After waiting eagerly for 106 days for Liverpool to get back into action, the Merseyside derby was in all honesty quite a languid affair.
The hype far outweighed the action, as Liverpool toiled but rarely troubled Everton, who had the better chances at Goodison Park, but the spoils were shared as Merseyside welcomed back Premier League football.
There were positives to take on the short trip back to Anfield; Naby Keita looked incredibly sharp and was easily Liverpool’s stand-out man. Sadio Mané looked as threatening as ever. Another clean sheet to add to the list. And now only five points from eight games needed to finally bring number 19 home.
But there was a sour taste in the mouth come the final whistle as Everton delayed Liverpool’s title celebrations. That wasn’t even the injuries sustained by Milner and Matip, which we can only hope aren’t too serious at this stage, but the manner in which Everton managed to come between Liverpool and three points.
I’ve written before on subjects close to this topic, but today provided a stark reminder that although Klopp’s side are one of the world’s elite, we still need to remember this every now and then.
We can’t be so slow and patient all the time.
Heavy metal football was what Klopp promised us shortly after arriving in 2015, and it’s what we’ve had in abundance since then.
But rightly so, this has become more poised and turned into a swelling symphony of power that overwhelms opposition sides with greater elegance but with the same relentless brutality.
Mainly under Brendan Rodgers, but also in Klopp’s first few years at Anfield, teams who set out to do exactly what Everton did today. Play low and compact and frustrate Liverpool.
There was no real space out wide for the Reds to exploit. The defence to Everton’s credit was regimented and heavily supported when Liverpool did get forward.
It made for frustrating viewing.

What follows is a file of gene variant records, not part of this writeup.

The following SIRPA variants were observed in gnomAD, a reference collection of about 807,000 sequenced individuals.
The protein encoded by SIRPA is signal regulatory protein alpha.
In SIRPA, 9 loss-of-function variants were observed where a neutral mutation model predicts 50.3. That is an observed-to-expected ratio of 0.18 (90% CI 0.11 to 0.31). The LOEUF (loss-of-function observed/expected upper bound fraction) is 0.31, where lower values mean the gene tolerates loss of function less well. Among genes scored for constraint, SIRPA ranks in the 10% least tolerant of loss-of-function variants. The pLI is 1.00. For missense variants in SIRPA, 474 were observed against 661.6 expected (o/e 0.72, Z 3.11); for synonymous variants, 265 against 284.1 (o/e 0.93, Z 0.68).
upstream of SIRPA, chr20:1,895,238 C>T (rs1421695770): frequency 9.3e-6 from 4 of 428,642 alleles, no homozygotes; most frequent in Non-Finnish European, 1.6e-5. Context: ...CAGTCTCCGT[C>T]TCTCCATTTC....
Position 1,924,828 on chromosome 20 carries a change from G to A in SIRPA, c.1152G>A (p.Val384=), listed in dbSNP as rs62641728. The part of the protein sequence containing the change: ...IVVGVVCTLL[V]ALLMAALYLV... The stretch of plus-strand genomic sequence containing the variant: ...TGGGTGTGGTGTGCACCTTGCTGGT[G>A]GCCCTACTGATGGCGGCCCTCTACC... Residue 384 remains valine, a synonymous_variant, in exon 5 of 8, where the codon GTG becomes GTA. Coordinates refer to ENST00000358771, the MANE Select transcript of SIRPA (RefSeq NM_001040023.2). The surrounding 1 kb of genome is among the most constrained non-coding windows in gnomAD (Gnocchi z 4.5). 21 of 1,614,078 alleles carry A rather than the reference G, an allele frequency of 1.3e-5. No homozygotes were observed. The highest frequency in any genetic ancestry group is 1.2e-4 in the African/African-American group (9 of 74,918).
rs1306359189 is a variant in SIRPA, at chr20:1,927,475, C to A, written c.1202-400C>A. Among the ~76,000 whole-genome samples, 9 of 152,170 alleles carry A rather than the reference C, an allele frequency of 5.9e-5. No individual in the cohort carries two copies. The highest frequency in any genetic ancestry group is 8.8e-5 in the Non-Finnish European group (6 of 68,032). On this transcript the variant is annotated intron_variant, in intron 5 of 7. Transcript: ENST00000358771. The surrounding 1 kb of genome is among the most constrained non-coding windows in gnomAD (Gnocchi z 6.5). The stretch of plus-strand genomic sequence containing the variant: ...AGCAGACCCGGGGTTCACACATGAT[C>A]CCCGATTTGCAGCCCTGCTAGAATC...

But perhaps more frustrating was Liverpool’s seeming lack of ability to really turn the screw, pick up the pace and make Ancelotti’s blues sweat and creak under pressure.
It was a harking back to the old days when the lesser sides would camp out in their own halves because they knew we wouldn’t be able to break them down.
Now, I’m not saying this is a long-standing issue, because it’s not and it’s something that, for the most part, but it does rear its ugly head every once in a while.
This is where we need to remember Klopp’s heavy metal mantra. A balance of this and the new, more pragmatic Liverpool would be more effective in situations such as today.
For all their probing and prodding, there was little threat. Obviously with it being the first game back since lockdown was imposed, things weren’t going to be humming like the finely tuned machine that we saw in March.
But it should prove as a stark reminder to the Reds as the season gets back underway, that they shouldn’t play it too safely all the time.
It may seem harsh considering that this team has lost just once in the league all season and they’re just five points away from their first title in 30 years.
But this is an infuriating trait that creeps back into Liverpool’s game every so often that needs stamping out as soon as it happens.
Besides, who wants the wait for this title to be dragged out any longer than it has to be?
Get it done. Get it won.